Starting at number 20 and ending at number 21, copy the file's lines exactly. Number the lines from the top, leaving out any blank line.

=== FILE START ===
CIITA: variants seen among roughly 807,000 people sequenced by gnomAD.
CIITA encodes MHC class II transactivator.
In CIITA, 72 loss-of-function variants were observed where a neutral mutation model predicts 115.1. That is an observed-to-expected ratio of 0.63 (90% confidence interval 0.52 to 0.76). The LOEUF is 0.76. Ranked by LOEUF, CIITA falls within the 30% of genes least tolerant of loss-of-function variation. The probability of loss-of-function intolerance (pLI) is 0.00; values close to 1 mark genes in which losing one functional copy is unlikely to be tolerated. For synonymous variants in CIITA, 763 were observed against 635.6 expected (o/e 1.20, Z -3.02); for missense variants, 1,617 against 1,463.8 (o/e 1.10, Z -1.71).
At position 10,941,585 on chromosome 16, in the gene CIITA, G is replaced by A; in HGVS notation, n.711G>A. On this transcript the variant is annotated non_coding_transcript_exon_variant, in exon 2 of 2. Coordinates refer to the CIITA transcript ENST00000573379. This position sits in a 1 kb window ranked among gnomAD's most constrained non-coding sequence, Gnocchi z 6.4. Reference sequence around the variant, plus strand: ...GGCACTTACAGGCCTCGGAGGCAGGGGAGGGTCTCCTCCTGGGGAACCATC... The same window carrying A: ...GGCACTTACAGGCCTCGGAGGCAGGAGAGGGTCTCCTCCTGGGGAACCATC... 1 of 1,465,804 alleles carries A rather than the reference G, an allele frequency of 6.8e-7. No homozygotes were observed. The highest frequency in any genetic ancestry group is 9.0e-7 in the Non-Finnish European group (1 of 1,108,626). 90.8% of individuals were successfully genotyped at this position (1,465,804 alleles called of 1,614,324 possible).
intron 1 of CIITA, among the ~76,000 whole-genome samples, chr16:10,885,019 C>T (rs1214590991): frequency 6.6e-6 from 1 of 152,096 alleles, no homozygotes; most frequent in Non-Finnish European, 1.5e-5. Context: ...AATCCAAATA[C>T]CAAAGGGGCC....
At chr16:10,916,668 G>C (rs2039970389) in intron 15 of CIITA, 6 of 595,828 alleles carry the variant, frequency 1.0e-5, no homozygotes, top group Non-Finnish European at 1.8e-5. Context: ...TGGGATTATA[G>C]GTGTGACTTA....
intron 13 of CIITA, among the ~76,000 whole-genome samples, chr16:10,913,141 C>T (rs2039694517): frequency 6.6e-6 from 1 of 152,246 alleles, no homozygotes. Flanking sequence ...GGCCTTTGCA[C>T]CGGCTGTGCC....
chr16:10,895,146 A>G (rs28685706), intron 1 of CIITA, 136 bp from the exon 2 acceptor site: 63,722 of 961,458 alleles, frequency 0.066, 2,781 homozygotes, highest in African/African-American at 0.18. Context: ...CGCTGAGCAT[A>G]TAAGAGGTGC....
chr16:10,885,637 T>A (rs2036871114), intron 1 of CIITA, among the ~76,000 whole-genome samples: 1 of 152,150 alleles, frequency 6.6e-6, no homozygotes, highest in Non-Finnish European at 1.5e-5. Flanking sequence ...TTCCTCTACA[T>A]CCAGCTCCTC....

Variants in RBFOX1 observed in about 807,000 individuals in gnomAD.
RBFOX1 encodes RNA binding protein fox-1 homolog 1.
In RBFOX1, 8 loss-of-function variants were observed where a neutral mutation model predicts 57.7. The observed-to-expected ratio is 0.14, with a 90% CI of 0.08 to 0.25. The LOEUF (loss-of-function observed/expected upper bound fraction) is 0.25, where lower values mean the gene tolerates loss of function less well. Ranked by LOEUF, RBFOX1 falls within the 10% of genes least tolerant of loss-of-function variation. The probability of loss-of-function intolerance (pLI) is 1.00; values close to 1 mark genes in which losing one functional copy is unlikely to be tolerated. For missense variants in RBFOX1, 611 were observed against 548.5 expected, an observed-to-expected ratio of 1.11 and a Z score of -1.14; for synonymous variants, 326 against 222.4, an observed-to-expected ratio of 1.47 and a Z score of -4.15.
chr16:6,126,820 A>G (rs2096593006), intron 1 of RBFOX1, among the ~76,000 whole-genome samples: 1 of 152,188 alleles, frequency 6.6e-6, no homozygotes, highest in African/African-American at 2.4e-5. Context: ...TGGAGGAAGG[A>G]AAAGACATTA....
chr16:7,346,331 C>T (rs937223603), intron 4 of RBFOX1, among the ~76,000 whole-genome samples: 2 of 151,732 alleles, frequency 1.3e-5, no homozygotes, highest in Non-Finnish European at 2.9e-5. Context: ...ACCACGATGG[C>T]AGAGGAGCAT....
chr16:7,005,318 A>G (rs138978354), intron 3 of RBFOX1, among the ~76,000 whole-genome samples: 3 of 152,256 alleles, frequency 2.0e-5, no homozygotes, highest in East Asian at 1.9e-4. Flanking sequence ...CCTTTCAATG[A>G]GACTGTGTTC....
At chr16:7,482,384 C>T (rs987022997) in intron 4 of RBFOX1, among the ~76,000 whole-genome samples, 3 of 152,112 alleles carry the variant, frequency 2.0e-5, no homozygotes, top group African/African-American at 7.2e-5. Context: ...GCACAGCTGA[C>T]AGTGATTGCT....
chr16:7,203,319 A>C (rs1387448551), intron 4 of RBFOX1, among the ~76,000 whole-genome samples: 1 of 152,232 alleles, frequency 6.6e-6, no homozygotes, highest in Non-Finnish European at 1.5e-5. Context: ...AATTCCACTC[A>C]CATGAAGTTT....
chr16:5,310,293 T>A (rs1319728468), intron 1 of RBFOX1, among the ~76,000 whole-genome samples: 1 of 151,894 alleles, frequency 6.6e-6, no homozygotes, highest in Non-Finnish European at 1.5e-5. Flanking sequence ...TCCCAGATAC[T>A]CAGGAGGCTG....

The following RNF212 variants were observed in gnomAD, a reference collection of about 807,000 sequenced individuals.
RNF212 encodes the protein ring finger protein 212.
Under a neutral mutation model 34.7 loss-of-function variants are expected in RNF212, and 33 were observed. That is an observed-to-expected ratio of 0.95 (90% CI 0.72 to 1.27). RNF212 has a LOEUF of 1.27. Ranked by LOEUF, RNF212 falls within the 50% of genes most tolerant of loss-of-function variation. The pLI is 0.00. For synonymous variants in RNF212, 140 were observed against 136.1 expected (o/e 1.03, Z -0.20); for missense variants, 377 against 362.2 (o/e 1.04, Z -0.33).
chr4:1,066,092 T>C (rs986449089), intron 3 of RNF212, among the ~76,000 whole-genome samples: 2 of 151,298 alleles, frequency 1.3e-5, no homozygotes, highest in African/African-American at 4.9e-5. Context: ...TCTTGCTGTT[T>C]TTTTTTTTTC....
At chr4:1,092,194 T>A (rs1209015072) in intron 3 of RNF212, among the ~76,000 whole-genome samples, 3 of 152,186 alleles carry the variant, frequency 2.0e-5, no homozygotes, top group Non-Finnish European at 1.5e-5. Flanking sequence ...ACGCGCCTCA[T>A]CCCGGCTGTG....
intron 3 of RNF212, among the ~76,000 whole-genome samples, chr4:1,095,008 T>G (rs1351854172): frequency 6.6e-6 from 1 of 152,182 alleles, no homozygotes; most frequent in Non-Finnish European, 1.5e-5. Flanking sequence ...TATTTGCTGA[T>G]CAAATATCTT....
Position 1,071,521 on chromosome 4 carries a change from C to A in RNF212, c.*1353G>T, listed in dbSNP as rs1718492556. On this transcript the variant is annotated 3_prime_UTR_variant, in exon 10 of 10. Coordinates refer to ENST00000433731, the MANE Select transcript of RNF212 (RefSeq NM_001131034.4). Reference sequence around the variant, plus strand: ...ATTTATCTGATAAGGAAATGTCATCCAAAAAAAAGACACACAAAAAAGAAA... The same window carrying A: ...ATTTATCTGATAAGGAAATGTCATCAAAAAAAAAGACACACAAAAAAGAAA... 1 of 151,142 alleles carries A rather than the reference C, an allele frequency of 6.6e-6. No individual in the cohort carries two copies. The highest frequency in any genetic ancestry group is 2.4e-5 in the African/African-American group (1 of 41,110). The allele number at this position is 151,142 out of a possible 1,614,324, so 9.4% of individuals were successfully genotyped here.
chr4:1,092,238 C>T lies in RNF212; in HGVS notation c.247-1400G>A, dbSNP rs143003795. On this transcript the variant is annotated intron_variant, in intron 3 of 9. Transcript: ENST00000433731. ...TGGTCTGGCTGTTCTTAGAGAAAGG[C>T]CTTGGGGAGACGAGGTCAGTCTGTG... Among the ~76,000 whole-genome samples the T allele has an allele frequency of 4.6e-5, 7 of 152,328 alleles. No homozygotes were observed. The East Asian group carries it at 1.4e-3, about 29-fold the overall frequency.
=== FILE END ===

RNF212 encodes the protein ring finger protein 212.
Under a neutral mutation model 34.7 loss-of-function variants are expected in RNF212, and 33 were observed. That is an observed-to-expected ratio of 0.95 (90% CI 0.72 to 1.27). RNF212 has a LOEUF of 1.27. Ranked by LOEUF, RNF212 falls within the 50% of genes most tolerant of loss-of-function variation. The pLI is 0.00. For synonymous variants in RNF212, 140 were observed against 136.1 expected (o/e 1.03, Z -0.20); for missense variants, 377 against 362.2 (o/e 1.04, Z -0.33).